Mouth That Roars

Bill Liblick has made a name for himself of National TV Talk Shows where he spouted his outspoken views from the front row. Now he offers you his opinion every week in the "MOUTH THAT ROARS" Column in the Sullivan County Post.

- Subsribe at
April 9th, 2010

Nursing home privatization must be explored

Caring for and protecting our elderly must be a top priority for any municipality. Unfortunately, due to state and federal budget cutbacks in funding, it has become even more difficult for Sullivan County to attend to the needs of our senior population.

In even good times those requiring skilled nursing visits and home health aides have often found it an impossible task. Nursing services are minimal and hours allotted to home health aides are few and far between.

Our 160 bed nursing home facility has become increasingly more difficult and expensive for Sullivan County to run. Anticipated state funding has not been forthcoming, and during the past several years $3.4 million in payments has vanished, forcing our tax dollars to cover expenses.

The County has logically formed a task force to explore different options concerning the future of the nursing home. Although alternatives could include privatizing, shutting down the facility, or partnering with another entity, the county must do its due diligence to protect the interests of our seniors and taxpayers

CRMC has expressed an interest in running the nursing facility.

The Family Council which monitors the home is rightfully concerned over the County’s moves. The Council recently celebrated its 20 year anniversary of advocacy and has made many donations to benefit those residing at the home. They have provided for haircuts, donated flat-screen televisions, pianos, and patio furniture.

County Manager David Fanslau discussing the need for the task force noted New York State has eliminated the public nursing home grant, deferred much needed Medicaid reimbursement rate increases, and Inter-governmental Transfer (IGT) has been undependable. He said the County must plan for needed contingencies, because otherwise taxpayers would have to foot the bill.

The County might explore the Public Benefit Corporation model that has been used in Nassau County and Westchester County with an ability to utilize efficiencies from other institutions, such as the hospital.

Fanslau called on Albany to join with 48 other States and “eliminate the so-called local share of Medicaid.  Sullivan County sends $16 million to Albany for its local share of Medicaid, but in 2011, once the federal stimulus funds expire, that payment will exceed $20 million.”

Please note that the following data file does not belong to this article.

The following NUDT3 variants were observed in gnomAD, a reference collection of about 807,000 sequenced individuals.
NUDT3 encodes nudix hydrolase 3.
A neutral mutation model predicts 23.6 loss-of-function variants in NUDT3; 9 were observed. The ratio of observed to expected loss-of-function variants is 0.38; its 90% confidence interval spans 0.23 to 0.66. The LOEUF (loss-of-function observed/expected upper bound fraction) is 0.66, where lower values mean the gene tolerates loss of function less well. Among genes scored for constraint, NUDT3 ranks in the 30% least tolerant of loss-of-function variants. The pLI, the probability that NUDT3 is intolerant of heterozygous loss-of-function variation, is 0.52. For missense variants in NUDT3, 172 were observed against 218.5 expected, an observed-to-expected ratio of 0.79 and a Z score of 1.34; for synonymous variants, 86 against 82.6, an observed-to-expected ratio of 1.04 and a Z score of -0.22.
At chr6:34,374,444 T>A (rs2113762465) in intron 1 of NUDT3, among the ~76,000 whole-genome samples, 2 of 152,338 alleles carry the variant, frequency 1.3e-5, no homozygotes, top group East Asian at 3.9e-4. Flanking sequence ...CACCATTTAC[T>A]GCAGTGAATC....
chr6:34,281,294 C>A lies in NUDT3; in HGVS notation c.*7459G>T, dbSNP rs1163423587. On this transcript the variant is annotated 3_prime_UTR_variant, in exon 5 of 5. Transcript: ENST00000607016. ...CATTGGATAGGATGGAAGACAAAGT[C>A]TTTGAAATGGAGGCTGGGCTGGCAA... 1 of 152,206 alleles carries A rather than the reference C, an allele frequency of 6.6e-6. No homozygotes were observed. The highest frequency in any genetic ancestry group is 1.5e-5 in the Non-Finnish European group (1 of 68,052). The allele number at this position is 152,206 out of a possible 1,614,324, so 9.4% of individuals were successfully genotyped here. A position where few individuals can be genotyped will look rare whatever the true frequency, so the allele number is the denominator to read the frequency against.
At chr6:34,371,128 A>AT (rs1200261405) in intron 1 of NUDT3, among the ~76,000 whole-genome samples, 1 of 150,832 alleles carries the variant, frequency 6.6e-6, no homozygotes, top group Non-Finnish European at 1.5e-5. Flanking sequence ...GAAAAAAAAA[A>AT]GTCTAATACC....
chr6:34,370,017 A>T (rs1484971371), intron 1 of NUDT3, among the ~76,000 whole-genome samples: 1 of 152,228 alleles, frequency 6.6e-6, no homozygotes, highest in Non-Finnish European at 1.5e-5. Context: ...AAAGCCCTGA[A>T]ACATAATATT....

Legislator Jodi Goodman said she is interested in the concept of sub cute and assisted living acute care. “Many people have come to me stating what a relief it would be to have those two concepts under one organization. We do not address assisted living and many families are trapped with not being able to care for elder and have no relief.”

Legislator David Sager noted, “We are at a point now where it is necessary to objectively and thoroughly take a look at our options.  I know that the SCACC has a history of being a quality facility, but I have received complaints from several families that were not pleased with the level of care being provided and opted to put their family members in a privately run facility.”

Several years ago I was contacted about mattresses at the facility. At the time, people were angry the county did not replace them because they did not have the funds to do so. Under privatization such funding could come from other avenues, because private entities are reimbursed from Medicare and Medicaid differently and receive other subsidies.

Sager added, “Catskill Regional Medical Center and The Roscoe Nursing Home are two private entities offering similar services to our public and have wonderful reputations for quality of care.  The concept that a private facility can’t provide quality services is misguided at best given my prior examples.”

“Public funding of social programs is starting to crumble under the current economic pressures and years of cost overages.  I promise the concerned public that I will try to look at all potential options at our disposal and make as fair and reasonable decision as possible.  I will not, however, make a decision that I think ultimately harms either the SCACC residents or the taxpayers at large.”

Legislator Ron Hiatt told me, “I loathe to lose the adult care center without it where can other than the wealthy find refuge. We might find a solution in a private public partnership.  The focus must be on the people and not the money.”

Whether the elderly are admitted for short-term rehabilitation (as nearly thirty percent are) or for longer-term placement, the Family Care Council has been their voice, and I am certain they will see to it that the legislature does the right thing when it comes to deciding the fate of the nursing home.

Comments are closed.